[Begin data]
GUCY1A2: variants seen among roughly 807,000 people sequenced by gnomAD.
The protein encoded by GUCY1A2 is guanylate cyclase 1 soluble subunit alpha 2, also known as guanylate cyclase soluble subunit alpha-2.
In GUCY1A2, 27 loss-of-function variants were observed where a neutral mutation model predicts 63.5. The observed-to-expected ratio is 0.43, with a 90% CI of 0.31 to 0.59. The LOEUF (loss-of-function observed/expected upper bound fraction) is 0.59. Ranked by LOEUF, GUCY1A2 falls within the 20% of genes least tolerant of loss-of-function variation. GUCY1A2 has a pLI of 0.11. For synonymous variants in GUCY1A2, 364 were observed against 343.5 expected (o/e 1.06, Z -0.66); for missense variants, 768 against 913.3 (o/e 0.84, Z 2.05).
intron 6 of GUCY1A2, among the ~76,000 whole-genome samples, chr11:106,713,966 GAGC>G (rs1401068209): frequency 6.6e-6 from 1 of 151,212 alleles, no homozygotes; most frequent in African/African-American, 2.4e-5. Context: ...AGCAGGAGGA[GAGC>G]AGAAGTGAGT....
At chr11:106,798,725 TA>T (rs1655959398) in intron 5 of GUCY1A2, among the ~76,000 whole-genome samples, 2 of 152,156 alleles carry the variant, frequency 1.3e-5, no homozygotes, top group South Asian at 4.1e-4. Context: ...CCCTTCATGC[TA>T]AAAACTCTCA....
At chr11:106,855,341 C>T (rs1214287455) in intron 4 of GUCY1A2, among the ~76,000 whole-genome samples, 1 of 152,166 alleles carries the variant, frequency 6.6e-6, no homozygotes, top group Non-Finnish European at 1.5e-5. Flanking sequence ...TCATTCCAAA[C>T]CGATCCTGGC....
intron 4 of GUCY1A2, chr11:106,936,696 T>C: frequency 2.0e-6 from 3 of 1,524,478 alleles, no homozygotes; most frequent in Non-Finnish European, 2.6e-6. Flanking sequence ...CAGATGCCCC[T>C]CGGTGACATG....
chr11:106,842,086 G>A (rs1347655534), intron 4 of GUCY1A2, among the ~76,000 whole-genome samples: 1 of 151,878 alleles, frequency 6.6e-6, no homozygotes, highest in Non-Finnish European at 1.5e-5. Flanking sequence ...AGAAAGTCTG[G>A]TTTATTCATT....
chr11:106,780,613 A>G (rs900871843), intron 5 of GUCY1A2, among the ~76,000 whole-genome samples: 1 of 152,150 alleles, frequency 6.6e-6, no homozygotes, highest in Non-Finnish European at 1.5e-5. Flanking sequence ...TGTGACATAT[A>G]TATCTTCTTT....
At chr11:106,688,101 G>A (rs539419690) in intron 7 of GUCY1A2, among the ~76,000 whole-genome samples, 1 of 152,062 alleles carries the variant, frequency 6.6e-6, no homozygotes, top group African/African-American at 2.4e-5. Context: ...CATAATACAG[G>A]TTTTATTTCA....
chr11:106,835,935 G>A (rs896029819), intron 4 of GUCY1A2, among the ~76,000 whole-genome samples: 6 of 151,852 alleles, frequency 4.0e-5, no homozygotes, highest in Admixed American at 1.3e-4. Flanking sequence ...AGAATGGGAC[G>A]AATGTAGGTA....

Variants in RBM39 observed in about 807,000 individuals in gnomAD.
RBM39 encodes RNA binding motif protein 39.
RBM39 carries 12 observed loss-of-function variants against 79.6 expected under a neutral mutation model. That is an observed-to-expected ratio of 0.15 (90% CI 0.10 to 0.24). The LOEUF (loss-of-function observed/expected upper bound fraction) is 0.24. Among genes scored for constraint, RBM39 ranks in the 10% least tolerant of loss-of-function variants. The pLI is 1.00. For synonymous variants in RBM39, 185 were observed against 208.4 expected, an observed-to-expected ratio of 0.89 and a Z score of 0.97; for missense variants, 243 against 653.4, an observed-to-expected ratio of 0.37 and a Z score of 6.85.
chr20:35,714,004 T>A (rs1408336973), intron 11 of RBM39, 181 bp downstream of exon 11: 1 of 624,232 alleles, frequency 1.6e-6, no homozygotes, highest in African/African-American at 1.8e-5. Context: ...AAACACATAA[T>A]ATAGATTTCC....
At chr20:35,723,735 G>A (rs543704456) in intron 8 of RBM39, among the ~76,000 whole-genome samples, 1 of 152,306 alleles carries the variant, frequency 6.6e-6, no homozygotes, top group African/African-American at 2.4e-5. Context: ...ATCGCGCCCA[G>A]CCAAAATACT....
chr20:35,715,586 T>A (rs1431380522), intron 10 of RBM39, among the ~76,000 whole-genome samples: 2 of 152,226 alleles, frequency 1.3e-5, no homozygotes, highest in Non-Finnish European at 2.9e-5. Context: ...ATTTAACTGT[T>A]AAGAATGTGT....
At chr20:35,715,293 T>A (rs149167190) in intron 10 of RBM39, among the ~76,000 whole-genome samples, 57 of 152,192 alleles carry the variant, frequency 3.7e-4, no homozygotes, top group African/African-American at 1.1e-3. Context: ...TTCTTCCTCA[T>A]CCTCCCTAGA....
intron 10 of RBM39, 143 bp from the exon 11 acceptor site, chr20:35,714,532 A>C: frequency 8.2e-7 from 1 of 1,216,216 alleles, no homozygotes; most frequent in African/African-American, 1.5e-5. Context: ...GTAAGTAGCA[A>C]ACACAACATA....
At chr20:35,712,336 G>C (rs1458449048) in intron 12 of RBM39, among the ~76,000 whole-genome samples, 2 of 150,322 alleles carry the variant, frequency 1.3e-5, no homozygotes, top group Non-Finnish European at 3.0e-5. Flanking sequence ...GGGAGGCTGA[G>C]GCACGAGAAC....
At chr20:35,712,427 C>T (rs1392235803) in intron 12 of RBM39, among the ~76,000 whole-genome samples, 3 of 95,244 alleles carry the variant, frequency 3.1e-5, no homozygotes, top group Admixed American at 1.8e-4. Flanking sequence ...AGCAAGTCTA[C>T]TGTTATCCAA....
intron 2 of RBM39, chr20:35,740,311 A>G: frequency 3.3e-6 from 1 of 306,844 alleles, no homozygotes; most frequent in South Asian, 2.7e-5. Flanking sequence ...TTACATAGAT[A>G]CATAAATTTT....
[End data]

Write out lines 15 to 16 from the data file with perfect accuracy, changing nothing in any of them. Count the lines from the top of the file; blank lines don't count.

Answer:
chr20:35,714,004 T>A (rs1408336973), intron 11 of RBM39, 181 bp downstream of exon 11: 1 of 624,232 alleles, frequency 1.6e-6, no homozygotes, highest in African/African-American at 1.8e-5. Context: ...AAACACATAA[T>A]ATAGATTTCC....
At chr20:35,723,735 G>A (rs543704456) in intron 8 of RBM39, among the ~76,000 whole-genome samples, 1 of 152,306 alleles carries the variant, frequency 6.6e-6, no homozygotes, top group African/African-American at 2.4e-5. Context: ...ATCGCGCCCA[G>A]CCAAAATACT....